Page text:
In the present study we describe the cloning of lipin 1α and lipin 1β from the wild-type CHO cell line. We examined the subcellular distribution and effect of expression of these isozymes in the parent and GPI-deficient CHO strains. We found that GPI-deficient cells mislocalized lipin 1α to the cytosol, presented an abnormal, activated mTOR signaling pathway and were hypersensitive to glucose. Altogether, the data presented here serves to explain the dependency of PAP activity on GPI and sheds light on the mechanism of the pathophysiological state of GPI-deficient cells and the variability in the degree of severity of the symptoms in GPI-deficient patients.
32P-inorganic phosphate (32Pi) was obtained from Perkin Elmer/New England Nuclear. Lipids were purchased from Avanti Polar Lipids. Silica gel G and silica gel 60 thin-layer chromatography plates (EMD), Ham’s F12 and DMEM medium (Cellgro or Gibco), fetal bovine serum (HyClone) and tissue culture dishes were obtained from Fisher Scientific. Antibodies were purchased from Cell Signaling with the exception of anti-actin (catalog no. MS-1295, Thermo Scientific). All other reagents, unless otherwise specified, were purchased from Sigma-Aldrich.
If not specified otherwise, cells were maintained in Ham’s F12 medium supplemented with 10% fetal bovine serum, 1mM glutamine, penicillin G (100 U/ml) and streptomycin (75 U/ ml). Cells were cultured at 33°C or 40°C using 5% CO2. Cell lines used were ZR-82 , a peroxisome-deficient strain derived from wild-type CHO-K1; GroD1, a GPI mutant and glycerolipid deficient cell line derived from ZR-82 ; and, GroD1t(GPI) a stable GroD1 cell population expressing wild-type hamster GPI .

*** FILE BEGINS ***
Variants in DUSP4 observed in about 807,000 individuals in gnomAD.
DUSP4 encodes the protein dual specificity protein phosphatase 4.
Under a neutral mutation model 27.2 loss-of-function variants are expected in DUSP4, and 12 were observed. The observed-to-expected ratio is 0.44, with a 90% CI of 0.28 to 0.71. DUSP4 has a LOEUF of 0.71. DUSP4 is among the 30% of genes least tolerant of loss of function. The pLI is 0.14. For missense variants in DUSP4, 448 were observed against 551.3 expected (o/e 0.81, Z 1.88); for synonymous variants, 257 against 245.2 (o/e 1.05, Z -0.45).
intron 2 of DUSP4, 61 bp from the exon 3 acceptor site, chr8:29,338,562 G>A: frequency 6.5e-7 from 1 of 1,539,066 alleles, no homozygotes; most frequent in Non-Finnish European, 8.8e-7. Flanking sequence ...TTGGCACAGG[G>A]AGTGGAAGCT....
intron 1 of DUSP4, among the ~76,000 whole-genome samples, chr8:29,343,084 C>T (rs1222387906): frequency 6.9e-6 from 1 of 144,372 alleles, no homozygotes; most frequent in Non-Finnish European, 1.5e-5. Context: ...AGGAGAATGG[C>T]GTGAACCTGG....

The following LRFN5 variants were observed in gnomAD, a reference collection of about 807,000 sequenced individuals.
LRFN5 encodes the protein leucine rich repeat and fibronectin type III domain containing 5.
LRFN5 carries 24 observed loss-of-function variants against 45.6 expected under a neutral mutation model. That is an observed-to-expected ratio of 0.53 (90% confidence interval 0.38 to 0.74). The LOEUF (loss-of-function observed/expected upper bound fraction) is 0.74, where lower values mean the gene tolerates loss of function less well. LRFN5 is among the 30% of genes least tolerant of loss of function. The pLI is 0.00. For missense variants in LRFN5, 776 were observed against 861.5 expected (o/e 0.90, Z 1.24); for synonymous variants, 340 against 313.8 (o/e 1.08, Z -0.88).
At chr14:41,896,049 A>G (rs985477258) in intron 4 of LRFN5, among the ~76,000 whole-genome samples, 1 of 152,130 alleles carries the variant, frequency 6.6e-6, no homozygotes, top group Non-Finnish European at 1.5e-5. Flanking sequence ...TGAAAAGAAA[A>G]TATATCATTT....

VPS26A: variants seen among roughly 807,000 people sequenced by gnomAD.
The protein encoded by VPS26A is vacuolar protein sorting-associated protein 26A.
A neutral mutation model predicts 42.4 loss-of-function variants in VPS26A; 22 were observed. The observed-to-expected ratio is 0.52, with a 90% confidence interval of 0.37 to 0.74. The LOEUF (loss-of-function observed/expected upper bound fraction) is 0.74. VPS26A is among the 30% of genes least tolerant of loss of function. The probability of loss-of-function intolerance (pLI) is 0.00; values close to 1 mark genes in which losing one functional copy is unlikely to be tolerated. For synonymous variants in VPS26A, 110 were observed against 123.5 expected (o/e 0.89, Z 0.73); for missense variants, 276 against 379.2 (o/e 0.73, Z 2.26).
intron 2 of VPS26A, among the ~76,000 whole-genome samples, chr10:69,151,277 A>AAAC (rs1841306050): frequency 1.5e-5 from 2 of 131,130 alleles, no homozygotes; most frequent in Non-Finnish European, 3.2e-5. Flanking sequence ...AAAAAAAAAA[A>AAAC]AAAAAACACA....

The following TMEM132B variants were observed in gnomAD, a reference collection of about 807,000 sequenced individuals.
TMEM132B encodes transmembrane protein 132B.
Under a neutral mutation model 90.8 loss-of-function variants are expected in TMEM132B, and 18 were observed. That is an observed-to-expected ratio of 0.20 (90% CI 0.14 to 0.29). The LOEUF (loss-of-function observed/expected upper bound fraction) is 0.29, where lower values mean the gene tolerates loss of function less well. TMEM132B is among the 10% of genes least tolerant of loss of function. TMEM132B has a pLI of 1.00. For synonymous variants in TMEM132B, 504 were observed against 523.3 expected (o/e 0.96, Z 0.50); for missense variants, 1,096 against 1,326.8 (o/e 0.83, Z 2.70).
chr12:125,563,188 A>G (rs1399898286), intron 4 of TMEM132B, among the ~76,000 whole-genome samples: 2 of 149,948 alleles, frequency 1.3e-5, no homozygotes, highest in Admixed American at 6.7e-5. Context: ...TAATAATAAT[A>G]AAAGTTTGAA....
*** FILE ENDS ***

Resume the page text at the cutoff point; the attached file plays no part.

Total RNA was isolated from cells with the RNeasy kit (Qiagen) and first strand synthesis of RNA was performed with SuperScript III reverse transcriptase (Invitrogen). Hamster lipin 1 was cloned from CHO-K1, ZR-82 and GroD1 cells from total cDNA using primers designed for regions of high homology among known lipin cDNA’s at either end of the cDNA; forward 5’ ATG AAT TAC GTG GGG CAG 3’ and reverse primer 5’ CCA GGG TCC CCA CAA CCT ATC CTT TAA T 3’. Once the PCR product was obtained, the initial sequences were obtained with primers used to generate the PCR product. As new sequences for hamster lipin 1 were obtained, new primers were designed to sequence the entire cDNA. Digestion of the β isoform from the PCR product was performed with Ale I (New England Biolabs) to allow sequencing of lipin 1α. CHO-K1 lipin 1α and lipin 1β were cloned into the pSC vector using a blunt PCR cloning kit from Stratagene. cDNA sequences for hamster lipin 1 beta and lipin 1 alpha were submitted to the NHI GenBank sequence database, accession numbers GU474204 and GU474205 respectively.